Friends, teachers, coworkers hold drive-by celebration for graduate
MARION — For Matt Dube, turning 22 marked an important milestone — one that his friends, teachers, coworkers and family members were all too happy to celebrate by throwing a covid-safe drive-by parade on Feb. 12.
Dube was a student in Old Rochester Regional High School’s Transition Skills class, a post-high school program designed to help special education students ages 18 to 22 prepare for their futures.
Dube’s teacher, Becky Okolita, said he had been a student in her program for four years, and his birthday on Sunday, Feb. 14, marked his graduation from the program. Okolita explained that because of the pandemic, Dube had been continuing his studies virtually this year for safety reasons.
“This was his last year, and unfortunately covid hit,” she said. “He’s been learning from home, which has been extremely challenging for him because he’s such a social person. He loves to be around people.”
And people love to be around him, Okolita added. Everyone at school — and really everyone he comes in contact with — loves to spend time with Dube, she explained.
“He’s just like a ray of light,” she said. “He’s a super positive and happy kid. He’ll come into the room and just put a smile on everybody’s face.”
Okolita said Dube was driven, hard-working and involved in many activities along with the Transition Skills program.
“He came into this program with a really strong vision for his future: He wanted to go to college; he wanted to find gainful employment,” Okolita said.
She said Dube was ORR’s first Transition Skills program student to attend college through the Massachusetts Inclusive Concurrent Enrollment Initiative. Dube said he took classes, including a college success course and a photography class, at BCC.
Dube was also an intern at Seaside CrossFit, where he greeted and checked in members as they arrived and helped clean equipment. When asked about his time at Seaside CrossFit, Dube said he “worked there with friends.”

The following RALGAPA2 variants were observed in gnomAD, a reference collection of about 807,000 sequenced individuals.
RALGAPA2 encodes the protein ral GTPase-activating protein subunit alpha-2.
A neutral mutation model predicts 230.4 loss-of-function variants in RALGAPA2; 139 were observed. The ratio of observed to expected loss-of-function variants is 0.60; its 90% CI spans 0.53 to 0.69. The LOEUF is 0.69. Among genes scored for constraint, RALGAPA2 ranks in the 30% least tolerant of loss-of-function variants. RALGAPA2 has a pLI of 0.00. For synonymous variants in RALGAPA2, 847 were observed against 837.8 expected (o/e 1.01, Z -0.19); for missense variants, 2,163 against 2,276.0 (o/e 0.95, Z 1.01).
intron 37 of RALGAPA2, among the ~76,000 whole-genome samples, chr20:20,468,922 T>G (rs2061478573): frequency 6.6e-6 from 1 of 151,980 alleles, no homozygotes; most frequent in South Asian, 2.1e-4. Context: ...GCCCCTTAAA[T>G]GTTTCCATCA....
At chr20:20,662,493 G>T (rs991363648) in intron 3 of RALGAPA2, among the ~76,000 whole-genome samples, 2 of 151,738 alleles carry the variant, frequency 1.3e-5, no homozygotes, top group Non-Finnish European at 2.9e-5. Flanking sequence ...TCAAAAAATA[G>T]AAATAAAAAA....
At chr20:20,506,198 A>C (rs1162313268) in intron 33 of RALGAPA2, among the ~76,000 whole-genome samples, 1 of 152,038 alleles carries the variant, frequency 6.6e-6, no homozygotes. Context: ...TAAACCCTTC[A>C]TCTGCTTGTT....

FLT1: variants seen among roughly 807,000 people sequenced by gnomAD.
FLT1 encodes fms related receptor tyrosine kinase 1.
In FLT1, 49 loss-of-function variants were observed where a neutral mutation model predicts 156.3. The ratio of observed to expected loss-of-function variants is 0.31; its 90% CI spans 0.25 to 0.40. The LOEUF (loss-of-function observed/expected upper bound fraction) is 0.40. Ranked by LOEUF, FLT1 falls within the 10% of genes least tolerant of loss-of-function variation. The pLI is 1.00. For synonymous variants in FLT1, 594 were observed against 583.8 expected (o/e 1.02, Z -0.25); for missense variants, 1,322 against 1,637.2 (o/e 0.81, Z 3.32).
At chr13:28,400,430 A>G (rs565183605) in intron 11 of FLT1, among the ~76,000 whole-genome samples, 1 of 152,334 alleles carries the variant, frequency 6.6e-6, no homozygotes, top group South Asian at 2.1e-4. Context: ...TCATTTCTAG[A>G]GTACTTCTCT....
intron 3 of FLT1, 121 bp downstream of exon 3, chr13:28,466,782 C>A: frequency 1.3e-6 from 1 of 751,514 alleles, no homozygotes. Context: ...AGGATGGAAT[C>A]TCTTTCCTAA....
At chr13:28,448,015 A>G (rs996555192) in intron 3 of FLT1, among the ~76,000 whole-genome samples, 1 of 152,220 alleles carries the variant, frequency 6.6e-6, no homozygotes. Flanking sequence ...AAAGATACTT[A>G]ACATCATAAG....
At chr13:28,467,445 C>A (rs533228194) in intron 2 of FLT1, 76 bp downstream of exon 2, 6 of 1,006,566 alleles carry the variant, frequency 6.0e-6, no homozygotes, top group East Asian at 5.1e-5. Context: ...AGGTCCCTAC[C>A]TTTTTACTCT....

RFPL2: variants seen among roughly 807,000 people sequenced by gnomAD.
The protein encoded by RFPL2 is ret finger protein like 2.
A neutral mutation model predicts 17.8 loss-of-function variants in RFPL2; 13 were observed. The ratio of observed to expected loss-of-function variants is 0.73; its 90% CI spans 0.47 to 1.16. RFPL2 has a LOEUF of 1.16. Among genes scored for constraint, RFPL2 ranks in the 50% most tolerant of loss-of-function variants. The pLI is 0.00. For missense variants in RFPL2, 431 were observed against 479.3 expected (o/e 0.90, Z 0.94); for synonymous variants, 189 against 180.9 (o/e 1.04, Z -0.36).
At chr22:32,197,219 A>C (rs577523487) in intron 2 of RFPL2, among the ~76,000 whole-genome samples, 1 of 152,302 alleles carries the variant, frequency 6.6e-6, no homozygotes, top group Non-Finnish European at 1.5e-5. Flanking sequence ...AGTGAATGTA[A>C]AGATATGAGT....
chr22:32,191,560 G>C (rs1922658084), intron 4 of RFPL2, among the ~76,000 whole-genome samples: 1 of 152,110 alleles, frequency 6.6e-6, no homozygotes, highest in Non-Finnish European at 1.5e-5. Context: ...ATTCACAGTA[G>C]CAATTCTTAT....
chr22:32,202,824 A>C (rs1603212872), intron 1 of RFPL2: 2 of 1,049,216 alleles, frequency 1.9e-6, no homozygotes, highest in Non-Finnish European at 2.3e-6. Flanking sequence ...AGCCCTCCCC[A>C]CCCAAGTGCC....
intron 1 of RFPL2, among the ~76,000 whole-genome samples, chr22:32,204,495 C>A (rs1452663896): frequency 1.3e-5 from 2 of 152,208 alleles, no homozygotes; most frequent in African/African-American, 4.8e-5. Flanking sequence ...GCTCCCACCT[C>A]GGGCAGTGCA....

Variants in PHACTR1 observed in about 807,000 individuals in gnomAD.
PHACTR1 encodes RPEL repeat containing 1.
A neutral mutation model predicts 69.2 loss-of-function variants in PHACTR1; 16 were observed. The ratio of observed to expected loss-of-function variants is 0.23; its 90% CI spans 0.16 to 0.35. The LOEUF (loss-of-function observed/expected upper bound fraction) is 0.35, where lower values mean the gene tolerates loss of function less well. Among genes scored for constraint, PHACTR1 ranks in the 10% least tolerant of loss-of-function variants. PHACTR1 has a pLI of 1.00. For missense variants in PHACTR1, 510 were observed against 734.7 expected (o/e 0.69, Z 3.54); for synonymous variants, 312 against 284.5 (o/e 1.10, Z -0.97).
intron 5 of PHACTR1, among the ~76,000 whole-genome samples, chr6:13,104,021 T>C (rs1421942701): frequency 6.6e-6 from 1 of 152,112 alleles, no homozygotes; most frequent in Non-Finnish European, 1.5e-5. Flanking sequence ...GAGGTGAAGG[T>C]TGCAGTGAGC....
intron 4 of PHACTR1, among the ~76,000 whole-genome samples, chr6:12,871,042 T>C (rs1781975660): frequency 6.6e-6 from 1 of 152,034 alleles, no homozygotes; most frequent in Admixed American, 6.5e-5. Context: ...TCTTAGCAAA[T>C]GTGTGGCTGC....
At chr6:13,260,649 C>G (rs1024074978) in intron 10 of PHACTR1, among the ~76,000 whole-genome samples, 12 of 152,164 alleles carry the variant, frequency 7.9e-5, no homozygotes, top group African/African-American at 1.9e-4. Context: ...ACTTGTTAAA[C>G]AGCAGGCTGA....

Okolita described Dube as the Unified Basketball Team’s “ringer,” and noted that he once scored 34 points in one game. She also said that Dube helped sell produce at the EmpowORR Garden’s Farmer’s Market.
To celebrate Dube’s accomplishments and give him a proper — but covid-safe — send-off, Okolita said she, school resource officer Matt McGraw and others at the High School had arranged a celebratory parade of first responder vehicles, cars and school buses.
Okolita said Dube’s friends, ORR teachers, people from Seaside CrossFit, the school lunch crew and many others planned to participate in the parade.
With the help of a local police officer to direct traffic, a long line of vehicles — many decorated in brightly colored posters — slowly drove by Dube’s parents’ business, Lighthouse Liquors, on Friday afternoon. Drivers honked, waved and shouted words of congratulations to Dube and his parents.
When he realized his friends were driving by, he laughed, waved and shouted greetings with a huge grin on his face. Although his parents, Nancy and Paul Dube, had known about the parade in advance, it was a complete surprise to Dube himself.
Smiling from ear to ear after everyone had driven by, Dube called the parade “lovely.”
Paul Dube said the parade was “unbelievable” and “special,” and praised the ORR staff.
“He’s had a terrific time at ORR,” he said. “We’re really going to miss the support they gave us and him. They’ve been wonderful. Just wonderful.”
Nancy Dube echoed that sentiment.
“My son had the very best teachers in the world,” she said.
On that note, Okolita was quick to jump in.
“He’s not really a hard kid to teach. Anybody that has met Matt loves him,” she said. “Even the teachers that taught Matt 20 years ago will remember Matt. Everybody knows Matt because he makes that kind of impact on people.”